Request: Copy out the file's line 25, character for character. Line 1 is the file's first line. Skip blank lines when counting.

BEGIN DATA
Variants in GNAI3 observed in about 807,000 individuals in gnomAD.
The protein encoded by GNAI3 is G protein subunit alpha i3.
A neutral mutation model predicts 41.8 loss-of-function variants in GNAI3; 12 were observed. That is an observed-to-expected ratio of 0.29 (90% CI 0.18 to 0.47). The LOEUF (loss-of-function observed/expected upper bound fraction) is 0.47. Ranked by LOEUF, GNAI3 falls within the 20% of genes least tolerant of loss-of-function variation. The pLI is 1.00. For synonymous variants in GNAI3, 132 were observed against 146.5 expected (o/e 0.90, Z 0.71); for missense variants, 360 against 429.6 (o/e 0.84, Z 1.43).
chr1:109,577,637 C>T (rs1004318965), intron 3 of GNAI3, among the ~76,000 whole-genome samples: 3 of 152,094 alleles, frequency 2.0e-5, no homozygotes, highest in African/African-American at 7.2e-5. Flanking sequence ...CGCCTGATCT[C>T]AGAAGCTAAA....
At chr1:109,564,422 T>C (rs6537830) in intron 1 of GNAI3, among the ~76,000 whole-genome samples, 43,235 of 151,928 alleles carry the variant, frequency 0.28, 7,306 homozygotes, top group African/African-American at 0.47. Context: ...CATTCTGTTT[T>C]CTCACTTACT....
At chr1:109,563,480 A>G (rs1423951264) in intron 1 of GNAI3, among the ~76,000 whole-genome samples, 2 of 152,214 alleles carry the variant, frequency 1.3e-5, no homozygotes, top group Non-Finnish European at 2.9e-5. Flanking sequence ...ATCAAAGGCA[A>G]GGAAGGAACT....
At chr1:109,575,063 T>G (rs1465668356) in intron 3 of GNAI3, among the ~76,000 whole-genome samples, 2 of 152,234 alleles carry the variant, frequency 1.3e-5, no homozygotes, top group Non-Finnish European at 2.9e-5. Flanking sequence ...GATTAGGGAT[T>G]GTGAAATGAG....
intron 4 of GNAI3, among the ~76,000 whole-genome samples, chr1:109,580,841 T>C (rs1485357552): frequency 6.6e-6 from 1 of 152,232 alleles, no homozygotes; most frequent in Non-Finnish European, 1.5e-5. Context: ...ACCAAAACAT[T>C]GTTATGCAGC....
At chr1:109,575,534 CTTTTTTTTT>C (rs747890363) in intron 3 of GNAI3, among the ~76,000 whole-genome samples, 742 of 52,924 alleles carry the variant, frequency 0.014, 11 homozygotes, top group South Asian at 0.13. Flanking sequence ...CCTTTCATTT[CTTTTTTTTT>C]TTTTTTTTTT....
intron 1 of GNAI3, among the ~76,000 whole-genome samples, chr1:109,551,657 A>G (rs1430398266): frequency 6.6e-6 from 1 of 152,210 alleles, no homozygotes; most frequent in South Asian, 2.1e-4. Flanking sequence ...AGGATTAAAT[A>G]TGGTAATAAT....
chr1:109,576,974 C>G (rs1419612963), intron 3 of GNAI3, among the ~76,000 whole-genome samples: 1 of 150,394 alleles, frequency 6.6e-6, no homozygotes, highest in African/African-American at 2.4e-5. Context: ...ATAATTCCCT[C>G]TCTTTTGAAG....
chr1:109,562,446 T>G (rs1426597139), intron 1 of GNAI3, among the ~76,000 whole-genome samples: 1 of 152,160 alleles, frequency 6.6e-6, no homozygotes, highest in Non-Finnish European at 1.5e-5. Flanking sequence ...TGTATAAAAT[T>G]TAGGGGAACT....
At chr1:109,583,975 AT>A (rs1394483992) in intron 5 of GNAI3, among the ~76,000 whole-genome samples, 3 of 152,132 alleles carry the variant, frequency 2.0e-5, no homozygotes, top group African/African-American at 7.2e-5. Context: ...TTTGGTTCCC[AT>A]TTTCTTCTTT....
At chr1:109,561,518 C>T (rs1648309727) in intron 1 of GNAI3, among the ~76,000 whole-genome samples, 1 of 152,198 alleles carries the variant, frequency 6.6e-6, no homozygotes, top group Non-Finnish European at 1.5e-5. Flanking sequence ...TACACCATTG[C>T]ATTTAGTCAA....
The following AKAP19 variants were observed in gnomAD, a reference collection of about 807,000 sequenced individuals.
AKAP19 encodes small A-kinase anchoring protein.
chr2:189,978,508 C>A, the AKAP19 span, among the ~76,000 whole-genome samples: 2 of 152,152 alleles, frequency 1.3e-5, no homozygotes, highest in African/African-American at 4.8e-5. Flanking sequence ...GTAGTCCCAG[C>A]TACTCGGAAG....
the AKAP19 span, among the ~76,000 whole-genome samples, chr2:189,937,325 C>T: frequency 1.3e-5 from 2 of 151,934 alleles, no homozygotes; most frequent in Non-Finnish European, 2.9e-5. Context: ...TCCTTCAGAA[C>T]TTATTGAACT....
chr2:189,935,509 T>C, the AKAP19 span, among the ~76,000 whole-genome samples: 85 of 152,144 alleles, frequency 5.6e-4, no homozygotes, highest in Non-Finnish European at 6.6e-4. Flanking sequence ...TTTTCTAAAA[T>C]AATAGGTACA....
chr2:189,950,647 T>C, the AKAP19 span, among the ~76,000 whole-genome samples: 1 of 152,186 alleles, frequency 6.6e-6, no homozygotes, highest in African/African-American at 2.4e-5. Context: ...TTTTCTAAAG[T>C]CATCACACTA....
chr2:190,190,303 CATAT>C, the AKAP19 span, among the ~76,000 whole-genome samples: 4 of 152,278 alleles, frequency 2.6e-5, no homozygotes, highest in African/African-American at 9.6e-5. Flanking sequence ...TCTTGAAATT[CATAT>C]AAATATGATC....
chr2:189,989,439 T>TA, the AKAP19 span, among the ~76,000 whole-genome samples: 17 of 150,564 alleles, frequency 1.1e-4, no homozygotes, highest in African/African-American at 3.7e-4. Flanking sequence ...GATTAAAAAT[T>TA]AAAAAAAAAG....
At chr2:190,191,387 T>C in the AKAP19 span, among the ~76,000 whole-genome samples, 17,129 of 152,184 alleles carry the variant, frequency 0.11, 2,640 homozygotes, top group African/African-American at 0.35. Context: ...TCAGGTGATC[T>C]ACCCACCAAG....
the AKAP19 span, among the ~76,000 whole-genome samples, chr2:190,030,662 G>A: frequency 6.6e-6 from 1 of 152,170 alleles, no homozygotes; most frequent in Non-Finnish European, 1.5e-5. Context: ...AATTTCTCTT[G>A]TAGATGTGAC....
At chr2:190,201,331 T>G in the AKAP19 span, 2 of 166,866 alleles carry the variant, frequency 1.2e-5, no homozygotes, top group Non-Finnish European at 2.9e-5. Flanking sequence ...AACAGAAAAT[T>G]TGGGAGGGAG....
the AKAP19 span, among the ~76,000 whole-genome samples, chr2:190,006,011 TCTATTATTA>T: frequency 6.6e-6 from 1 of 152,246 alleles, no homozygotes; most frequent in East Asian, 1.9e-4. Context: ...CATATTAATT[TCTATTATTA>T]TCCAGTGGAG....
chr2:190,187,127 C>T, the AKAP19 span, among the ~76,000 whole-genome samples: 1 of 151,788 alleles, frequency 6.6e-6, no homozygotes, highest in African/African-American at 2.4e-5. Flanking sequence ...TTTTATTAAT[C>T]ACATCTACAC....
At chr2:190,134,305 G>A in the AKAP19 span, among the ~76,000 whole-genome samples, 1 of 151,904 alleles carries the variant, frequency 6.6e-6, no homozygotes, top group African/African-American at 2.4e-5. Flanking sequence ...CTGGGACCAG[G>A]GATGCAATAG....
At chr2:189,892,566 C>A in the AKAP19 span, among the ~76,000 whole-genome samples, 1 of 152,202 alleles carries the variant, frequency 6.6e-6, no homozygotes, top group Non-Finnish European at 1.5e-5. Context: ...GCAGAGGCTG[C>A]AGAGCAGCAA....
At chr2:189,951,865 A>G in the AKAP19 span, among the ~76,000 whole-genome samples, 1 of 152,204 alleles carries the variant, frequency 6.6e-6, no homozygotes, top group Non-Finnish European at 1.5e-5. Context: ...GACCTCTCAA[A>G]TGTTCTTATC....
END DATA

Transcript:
At chr2:190,201,331 T>G in the AKAP19 span, 2 of 166,866 alleles carry the variant, frequency 1.2e-5, no homozygotes, top group Non-Finnish European at 2.9e-5. Flanking sequence ...AACAGAAAAT[T>G]TGGGAGGGAG....